Hoofed animals include the deer, antelopes, mountain goats, wild sheep, largest wild cattle Indian Bison (Gaur) and Arna (wild Buffalo). Sambar Deer is the biggest deer species found in Nepal. Chital Deer is the most commonly found deer and a staple prey species of Tigers and Leopards. Elusive Hog Deer predominantly inhabit the flooded grassland and retreats to nearby forest during flood. Widely branched antlers of Barasingha (twelve point antler), the Swamp Deer dominate the grasslands of Shukla Phanta. It is the biggest herd of its kind in the world. Barking Deer is found from Terai forest to the Himalayan Forest. Musk Deer, is exclusively found in Himalaya. Musk pod is widely sought by poachers, which as aromatic use. Gaur, the largest wild cattle of the world inhabits the Churia foothills of Chitwan and descends to the flood plains of Rapti River during the dry season for new sprouts and water. Arna, the mighty wild buffalo is found only in Koshi Tappu Wildlife Reserve. About 150+ Arna remains in the flood plains of Sapta Koshi River.
The sure footed animal of the steep terrain includes Goral sometime likened to chamois, Himalayan Thar, Serow both the relative of goat share the habitat of Goral. Serow is more forest species. Blue Sheep inhabits the barren alpine regions, they are in demand for sport hunting. The trans-himalayan species includes Tibetan Antelope, Tibetan Argali and Tibetan wild Ass. Nilgai the tallest antelope of the Sub-continent inhabits in the riparian habitat of Terai Plains. Similarly the endangered corkscrew horned Black Buck is found in lower 100’s in the Khairapur of Bardia District.
The large omnivores of Nepal include the Sloth Bear of the Terai, Himalayan Black Bear of Mahabharat and the Brown Bear of the alpine region. The mighty brown bear may have given the impression of legendary Yeti, the abominable snow man. These bears are bold and face any dangers. Red Panda are the closest kin to the bear family and are found in the forest between 3000 to 4300 meter. They are arboreal in nature and love to feed upon bamboo leaves.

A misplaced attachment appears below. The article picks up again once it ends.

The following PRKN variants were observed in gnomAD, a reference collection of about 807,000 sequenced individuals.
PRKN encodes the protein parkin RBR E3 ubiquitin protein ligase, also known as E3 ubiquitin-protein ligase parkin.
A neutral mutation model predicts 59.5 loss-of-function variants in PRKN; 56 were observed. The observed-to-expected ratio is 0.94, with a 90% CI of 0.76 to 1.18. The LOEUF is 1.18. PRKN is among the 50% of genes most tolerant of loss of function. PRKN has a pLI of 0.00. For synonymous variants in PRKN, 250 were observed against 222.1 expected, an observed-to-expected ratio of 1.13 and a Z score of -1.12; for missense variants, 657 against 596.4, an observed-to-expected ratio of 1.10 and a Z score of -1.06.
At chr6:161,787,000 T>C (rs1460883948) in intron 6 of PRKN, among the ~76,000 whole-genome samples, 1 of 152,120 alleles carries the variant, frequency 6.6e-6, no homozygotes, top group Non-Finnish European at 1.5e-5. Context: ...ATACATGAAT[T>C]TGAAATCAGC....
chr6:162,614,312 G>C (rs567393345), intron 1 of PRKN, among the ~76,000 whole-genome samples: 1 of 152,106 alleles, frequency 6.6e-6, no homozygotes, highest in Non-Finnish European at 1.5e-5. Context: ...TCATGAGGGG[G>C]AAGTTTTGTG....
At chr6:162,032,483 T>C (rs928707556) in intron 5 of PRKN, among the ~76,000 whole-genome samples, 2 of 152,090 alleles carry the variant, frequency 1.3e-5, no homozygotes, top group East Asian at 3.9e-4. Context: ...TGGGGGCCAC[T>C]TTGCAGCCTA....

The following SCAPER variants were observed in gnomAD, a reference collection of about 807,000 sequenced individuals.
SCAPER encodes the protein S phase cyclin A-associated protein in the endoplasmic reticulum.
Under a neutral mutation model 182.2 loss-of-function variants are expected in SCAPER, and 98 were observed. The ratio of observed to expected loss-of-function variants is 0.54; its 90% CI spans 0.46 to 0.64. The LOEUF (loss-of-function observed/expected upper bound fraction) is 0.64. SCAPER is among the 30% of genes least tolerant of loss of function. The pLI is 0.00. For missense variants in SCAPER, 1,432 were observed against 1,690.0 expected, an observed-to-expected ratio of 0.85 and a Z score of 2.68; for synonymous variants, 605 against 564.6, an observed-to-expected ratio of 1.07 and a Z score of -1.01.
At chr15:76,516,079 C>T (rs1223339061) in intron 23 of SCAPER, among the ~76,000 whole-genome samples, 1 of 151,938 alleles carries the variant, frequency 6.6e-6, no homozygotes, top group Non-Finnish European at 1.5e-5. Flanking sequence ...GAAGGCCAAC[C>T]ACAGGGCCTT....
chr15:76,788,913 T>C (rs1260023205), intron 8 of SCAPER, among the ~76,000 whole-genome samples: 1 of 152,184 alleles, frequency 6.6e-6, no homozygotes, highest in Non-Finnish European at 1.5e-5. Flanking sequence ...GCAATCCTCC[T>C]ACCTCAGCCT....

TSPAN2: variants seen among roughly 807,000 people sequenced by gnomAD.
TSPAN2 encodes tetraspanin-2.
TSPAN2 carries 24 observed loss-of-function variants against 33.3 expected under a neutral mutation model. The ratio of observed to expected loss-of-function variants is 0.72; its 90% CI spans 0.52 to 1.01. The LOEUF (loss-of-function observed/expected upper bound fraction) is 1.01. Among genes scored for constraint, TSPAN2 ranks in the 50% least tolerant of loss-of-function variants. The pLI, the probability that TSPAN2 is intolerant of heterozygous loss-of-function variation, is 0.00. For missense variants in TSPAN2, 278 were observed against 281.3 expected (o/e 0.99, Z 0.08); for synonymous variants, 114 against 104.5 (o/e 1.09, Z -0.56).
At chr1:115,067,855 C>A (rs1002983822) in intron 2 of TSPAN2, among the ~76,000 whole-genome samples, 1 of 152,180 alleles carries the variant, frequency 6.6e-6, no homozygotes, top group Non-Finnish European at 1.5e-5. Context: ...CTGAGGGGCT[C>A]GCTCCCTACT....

Amazing animals include the Gangetic Dolphins found in the deep channels of Koshi and Karnali River. Curious, gregarious, dolphins tend to congregate while hunting fish and crustaceans, their presence are marked by the puffing sounds produced from the blow hole during surfacing. They are regarded as Bhagirath a Hindu deity but often hunted for fats.
Large cats prowls in the jungle of Nepal. Tiger dominates the Terai and Churia Hills while the Leopard span their range from the plains to the tree-line. Nocturnal in habit they are shy and timid. The Terai Arc Landscape is a priority landscape in Global 200 Ecoregion: “Terai Duar, Savannah and Grassland” of the Eastern Himalayan Ecoregion Complex. This is a promising habitat for the large home range requiring species such as tigers, rhino and elephants along with myriads of other life forms. Tigers are at the apex of the food pyramid and conservation of tigers includes the conservation of vegetation, watershed and the prey population. They are solitary but a dominant male overlaps several female territories. Leopards avoids direct contact with Tiger hence lives in the periphery of the forest. They prey upon the wild and occasionally on domestic livestock. There have increased evidences of their occurrence through out the country especially where the community forest are flourishing. They are among the most adaptable large cats of the world. Clouded Leopard a more arboreal and shy are equipped with longest canines. They live mostly in the broadleaf temperate forest. Snow leopard prowls the vast wilderness of the Himalaya and Trans-himalayan region. Blue sheep is the chief prey species of these endangered and elusive big cats of High Himalaya.